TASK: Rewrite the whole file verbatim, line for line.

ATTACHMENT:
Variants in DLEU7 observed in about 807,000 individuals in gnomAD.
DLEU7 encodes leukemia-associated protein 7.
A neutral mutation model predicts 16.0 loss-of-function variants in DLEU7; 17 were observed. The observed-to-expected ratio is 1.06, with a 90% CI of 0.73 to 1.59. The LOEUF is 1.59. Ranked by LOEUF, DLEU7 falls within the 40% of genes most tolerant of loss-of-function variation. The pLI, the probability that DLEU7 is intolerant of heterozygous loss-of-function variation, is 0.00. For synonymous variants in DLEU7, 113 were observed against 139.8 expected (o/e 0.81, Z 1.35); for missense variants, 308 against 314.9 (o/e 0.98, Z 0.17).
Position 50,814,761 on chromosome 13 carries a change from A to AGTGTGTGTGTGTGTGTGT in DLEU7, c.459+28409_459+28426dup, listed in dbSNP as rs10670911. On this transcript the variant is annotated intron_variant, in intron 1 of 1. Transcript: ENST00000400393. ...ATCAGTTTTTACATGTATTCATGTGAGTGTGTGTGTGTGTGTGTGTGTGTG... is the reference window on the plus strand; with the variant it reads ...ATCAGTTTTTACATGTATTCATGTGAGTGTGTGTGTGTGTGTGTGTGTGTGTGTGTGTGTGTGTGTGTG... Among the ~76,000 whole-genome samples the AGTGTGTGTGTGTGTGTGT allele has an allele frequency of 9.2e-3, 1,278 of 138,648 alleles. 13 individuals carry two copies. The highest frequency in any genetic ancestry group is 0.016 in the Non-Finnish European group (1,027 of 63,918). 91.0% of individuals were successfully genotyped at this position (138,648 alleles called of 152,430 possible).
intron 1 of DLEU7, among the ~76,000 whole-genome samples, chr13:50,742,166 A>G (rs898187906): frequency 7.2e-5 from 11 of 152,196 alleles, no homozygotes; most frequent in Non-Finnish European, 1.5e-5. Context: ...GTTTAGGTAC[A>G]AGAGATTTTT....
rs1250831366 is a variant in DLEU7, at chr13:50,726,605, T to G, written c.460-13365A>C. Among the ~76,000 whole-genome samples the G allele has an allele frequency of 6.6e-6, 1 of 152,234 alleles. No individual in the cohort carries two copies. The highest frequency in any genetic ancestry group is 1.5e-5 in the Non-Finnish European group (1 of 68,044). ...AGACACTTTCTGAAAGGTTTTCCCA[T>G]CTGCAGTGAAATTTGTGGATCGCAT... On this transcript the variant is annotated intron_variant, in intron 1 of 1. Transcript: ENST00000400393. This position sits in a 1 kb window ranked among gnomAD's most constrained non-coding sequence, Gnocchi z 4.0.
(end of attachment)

Variants in DLEU7 observed in about 807,000 individuals in gnomAD.
DLEU7 encodes leukemia-associated protein 7.
A neutral mutation model predicts 16.0 loss-of-function variants in DLEU7; 17 were observed. The observed-to-expected ratio is 1.06, with a 90% CI of 0.73 to 1.59. The LOEUF is 1.59. Ranked by LOEUF, DLEU7 falls within the 40% of genes most tolerant of loss-of-function variation. The pLI, the probability that DLEU7 is intolerant of heterozygous loss-of-function variation, is 0.00. For synonymous variants in DLEU7, 113 were observed against 139.8 expected (o/e 0.81, Z 1.35); for missense variants, 308 against 314.9 (o/e 0.98, Z 0.17).
Position 50,814,761 on chromosome 13 carries a change from A to AGTGTGTGTGTGTGTGTGT in DLEU7, c.459+28409_459+28426dup, listed in dbSNP as rs10670911. On this transcript the variant is annotated intron_variant, in intron 1 of 1. Transcript: ENST00000400393. ...ATCAGTTTTTACATGTATTCATGTGAGTGTGTGTGTGTGTGTGTGTGTGTG... is the reference window on the plus strand; with the variant it reads ...ATCAGTTTTTACATGTATTCATGTGAGTGTGTGTGTGTGTGTGTGTGTGTGTGTGTGTGTGTGTGTGTG... Among the ~76,000 whole-genome samples the AGTGTGTGTGTGTGTGTGT allele has an allele frequency of 9.2e-3, 1,278 of 138,648 alleles. 13 individuals carry two copies. The highest frequency in any genetic ancestry group is 0.016 in the Non-Finnish European group (1,027 of 63,918). 91.0% of individuals were successfully genotyped at this position (138,648 alleles called of 152,430 possible).
intron 1 of DLEU7, among the ~76,000 whole-genome samples, chr13:50,742,166 A>G (rs898187906): frequency 7.2e-5 from 11 of 152,196 alleles, no homozygotes; most frequent in Non-Finnish European, 1.5e-5. Context: ...GTTTAGGTAC[A>G]AGAGATTTTT....
rs1250831366 is a variant in DLEU7, at chr13:50,726,605, T to G, written c.460-13365A>C. Among the ~76,000 whole-genome samples the G allele has an allele frequency of 6.6e-6, 1 of 152,234 alleles. No individual in the cohort carries two copies. The highest frequency in any genetic ancestry group is 1.5e-5 in the Non-Finnish European group (1 of 68,044). ...AGACACTTTCTGAAAGGTTTTCCCA[T>G]CTGCAGTGAAATTTGTGGATCGCAT... On this transcript the variant is annotated intron_variant, in intron 1 of 1. Transcript: ENST00000400393. This position sits in a 1 kb window ranked among gnomAD's most constrained non-coding sequence, Gnocchi z 4.0.